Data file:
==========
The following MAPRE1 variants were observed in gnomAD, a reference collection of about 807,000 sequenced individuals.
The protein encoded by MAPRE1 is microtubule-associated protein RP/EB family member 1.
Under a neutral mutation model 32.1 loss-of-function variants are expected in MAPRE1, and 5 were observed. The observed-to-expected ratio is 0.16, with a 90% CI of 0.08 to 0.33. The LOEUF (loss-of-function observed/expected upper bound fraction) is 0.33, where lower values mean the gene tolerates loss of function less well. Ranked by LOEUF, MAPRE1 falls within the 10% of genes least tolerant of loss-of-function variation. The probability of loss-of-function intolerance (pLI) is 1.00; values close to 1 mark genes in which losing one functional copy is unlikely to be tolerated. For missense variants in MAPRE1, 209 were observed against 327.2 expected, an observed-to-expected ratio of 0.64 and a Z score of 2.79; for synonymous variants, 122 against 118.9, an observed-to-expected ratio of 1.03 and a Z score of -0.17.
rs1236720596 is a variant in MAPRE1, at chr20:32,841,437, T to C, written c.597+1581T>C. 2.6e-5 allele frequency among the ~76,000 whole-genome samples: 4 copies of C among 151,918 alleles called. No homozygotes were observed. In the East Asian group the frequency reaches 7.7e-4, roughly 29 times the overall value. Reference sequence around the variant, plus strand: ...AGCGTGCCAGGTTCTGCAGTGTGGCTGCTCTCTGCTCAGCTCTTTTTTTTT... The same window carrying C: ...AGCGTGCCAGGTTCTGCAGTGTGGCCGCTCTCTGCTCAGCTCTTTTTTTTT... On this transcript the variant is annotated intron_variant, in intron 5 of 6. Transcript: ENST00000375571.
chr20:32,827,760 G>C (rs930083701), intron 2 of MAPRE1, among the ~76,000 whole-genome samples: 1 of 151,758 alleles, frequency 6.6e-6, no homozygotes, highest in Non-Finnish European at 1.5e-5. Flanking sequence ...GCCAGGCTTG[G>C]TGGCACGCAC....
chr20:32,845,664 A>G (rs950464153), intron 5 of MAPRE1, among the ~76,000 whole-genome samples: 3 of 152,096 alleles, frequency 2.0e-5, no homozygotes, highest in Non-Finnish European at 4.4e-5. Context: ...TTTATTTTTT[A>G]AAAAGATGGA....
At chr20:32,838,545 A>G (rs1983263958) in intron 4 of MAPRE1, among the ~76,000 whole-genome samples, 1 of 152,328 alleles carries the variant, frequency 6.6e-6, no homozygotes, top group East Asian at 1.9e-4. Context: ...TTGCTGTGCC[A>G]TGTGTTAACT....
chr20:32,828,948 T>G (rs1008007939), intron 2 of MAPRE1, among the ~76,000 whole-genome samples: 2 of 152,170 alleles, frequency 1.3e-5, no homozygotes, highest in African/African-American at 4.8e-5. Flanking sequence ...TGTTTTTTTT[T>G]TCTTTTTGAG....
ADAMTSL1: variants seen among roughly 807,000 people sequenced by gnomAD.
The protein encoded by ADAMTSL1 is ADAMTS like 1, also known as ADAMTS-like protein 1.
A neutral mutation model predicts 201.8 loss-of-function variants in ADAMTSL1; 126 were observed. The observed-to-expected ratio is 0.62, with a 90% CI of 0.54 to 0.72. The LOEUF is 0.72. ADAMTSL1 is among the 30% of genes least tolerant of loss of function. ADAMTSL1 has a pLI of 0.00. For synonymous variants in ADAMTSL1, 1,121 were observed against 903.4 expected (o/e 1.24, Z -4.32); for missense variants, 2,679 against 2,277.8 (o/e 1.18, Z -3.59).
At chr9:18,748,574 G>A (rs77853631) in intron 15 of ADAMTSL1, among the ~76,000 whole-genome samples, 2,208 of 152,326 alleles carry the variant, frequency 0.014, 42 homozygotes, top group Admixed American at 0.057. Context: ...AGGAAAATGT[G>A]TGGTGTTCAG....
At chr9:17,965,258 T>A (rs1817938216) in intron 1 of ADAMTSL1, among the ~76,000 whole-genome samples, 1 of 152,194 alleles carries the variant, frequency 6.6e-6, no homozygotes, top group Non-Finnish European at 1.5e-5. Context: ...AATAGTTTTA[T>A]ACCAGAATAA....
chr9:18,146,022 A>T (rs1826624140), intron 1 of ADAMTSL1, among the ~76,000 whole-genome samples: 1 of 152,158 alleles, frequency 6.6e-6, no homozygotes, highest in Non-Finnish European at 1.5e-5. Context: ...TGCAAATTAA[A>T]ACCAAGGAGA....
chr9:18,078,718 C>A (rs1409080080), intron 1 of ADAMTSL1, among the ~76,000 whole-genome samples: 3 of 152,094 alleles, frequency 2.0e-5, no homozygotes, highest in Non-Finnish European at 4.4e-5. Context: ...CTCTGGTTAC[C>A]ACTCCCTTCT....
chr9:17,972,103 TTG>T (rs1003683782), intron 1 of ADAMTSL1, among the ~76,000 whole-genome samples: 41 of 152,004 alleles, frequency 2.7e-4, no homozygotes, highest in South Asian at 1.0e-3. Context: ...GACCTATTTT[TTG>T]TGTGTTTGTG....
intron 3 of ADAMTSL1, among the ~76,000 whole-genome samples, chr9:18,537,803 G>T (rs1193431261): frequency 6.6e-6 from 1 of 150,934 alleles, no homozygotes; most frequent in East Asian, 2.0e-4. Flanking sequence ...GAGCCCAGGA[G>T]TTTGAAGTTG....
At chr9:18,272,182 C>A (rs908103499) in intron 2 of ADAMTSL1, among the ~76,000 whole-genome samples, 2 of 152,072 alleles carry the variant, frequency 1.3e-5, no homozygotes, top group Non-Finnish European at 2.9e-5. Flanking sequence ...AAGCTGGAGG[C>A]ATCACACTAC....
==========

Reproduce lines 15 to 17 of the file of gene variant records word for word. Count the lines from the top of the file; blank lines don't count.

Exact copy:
chr9:18,078,718 C>A (rs1409080080), intron 1 of ADAMTSL1, among the ~76,000 whole-genome samples: 3 of 152,094 alleles, frequency 2.0e-5, no homozygotes, highest in Non-Finnish European at 4.4e-5. Context: ...CTCTGGTTAC[C>A]ACTCCCTTCT....
chr9:17,972,103 TTG>T (rs1003683782), intron 1 of ADAMTSL1, among the ~76,000 whole-genome samples: 41 of 152,004 alleles, frequency 2.7e-4, no homozygotes, highest in South Asian at 1.0e-3. Context: ...GACCTATTTT[TTG>T]TGTGTTTGTG....
intron 3 of ADAMTSL1, among the ~76,000 whole-genome samples, chr9:18,537,803 G>T (rs1193431261): frequency 6.6e-6 from 1 of 150,934 alleles, no homozygotes; most frequent in East Asian, 2.0e-4. Flanking sequence ...GAGCCCAGGA[G>T]TTTGAAGTTG....